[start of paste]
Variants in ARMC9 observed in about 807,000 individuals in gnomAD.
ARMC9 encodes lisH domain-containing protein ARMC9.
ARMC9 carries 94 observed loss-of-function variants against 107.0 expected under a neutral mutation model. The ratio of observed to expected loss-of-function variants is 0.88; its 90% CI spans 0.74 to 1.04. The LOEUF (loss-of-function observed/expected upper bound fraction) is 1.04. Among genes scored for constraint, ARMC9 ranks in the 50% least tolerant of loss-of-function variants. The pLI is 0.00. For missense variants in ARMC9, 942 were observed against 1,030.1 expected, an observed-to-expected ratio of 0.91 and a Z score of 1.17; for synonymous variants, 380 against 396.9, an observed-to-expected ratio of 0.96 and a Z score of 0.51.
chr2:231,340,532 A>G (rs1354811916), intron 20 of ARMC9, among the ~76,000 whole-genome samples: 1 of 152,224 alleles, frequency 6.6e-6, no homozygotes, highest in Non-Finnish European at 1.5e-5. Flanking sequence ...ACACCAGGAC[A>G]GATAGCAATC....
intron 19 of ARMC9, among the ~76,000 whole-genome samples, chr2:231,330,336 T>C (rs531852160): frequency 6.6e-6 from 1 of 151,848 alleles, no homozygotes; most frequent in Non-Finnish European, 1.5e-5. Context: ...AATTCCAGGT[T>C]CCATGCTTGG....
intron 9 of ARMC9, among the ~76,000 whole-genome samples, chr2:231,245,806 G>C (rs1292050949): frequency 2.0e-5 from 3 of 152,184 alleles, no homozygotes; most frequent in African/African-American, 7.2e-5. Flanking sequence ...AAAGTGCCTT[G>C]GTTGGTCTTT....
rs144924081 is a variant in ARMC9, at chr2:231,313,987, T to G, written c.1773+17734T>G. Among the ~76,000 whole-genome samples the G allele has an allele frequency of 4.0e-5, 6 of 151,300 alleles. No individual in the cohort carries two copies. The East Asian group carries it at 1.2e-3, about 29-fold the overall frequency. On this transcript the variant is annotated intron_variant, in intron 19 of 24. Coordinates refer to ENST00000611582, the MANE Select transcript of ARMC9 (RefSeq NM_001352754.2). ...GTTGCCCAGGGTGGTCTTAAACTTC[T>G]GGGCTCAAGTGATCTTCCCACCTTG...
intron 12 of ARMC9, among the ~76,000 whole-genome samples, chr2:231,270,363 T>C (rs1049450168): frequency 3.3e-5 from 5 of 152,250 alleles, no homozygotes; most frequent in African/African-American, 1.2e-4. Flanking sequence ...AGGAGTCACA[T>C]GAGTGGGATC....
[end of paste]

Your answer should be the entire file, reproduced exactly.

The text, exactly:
Variants in ARMC9 observed in about 807,000 individuals in gnomAD.
ARMC9 encodes lisH domain-containing protein ARMC9.
ARMC9 carries 94 observed loss-of-function variants against 107.0 expected under a neutral mutation model. The ratio of observed to expected loss-of-function variants is 0.88; its 90% CI spans 0.74 to 1.04. The LOEUF (loss-of-function observed/expected upper bound fraction) is 1.04. Among genes scored for constraint, ARMC9 ranks in the 50% least tolerant of loss-of-function variants. The pLI is 0.00. For missense variants in ARMC9, 942 were observed against 1,030.1 expected, an observed-to-expected ratio of 0.91 and a Z score of 1.17; for synonymous variants, 380 against 396.9, an observed-to-expected ratio of 0.96 and a Z score of 0.51.
chr2:231,340,532 A>G (rs1354811916), intron 20 of ARMC9, among the ~76,000 whole-genome samples: 1 of 152,224 alleles, frequency 6.6e-6, no homozygotes, highest in Non-Finnish European at 1.5e-5. Flanking sequence ...ACACCAGGAC[A>G]GATAGCAATC....
intron 19 of ARMC9, among the ~76,000 whole-genome samples, chr2:231,330,336 T>C (rs531852160): frequency 6.6e-6 from 1 of 151,848 alleles, no homozygotes; most frequent in Non-Finnish European, 1.5e-5. Context: ...AATTCCAGGT[T>C]CCATGCTTGG....
intron 9 of ARMC9, among the ~76,000 whole-genome samples, chr2:231,245,806 G>C (rs1292050949): frequency 2.0e-5 from 3 of 152,184 alleles, no homozygotes; most frequent in African/African-American, 7.2e-5. Flanking sequence ...AAAGTGCCTT[G>C]GTTGGTCTTT....
rs144924081 is a variant in ARMC9, at chr2:231,313,987, T to G, written c.1773+17734T>G. Among the ~76,000 whole-genome samples the G allele has an allele frequency of 4.0e-5, 6 of 151,300 alleles. No individual in the cohort carries two copies. The East Asian group carries it at 1.2e-3, about 29-fold the overall frequency. On this transcript the variant is annotated intron_variant, in intron 19 of 24. Coordinates refer to ENST00000611582, the MANE Select transcript of ARMC9 (RefSeq NM_001352754.2). ...GTTGCCCAGGGTGGTCTTAAACTTC[T>G]GGGCTCAAGTGATCTTCCCACCTTG...
intron 12 of ARMC9, among the ~76,000 whole-genome samples, chr2:231,270,363 T>C (rs1049450168): frequency 3.3e-5 from 5 of 152,250 alleles, no homozygotes; most frequent in African/African-American, 1.2e-4. Flanking sequence ...AGGAGTCACA[T>C]GAGTGGGATC....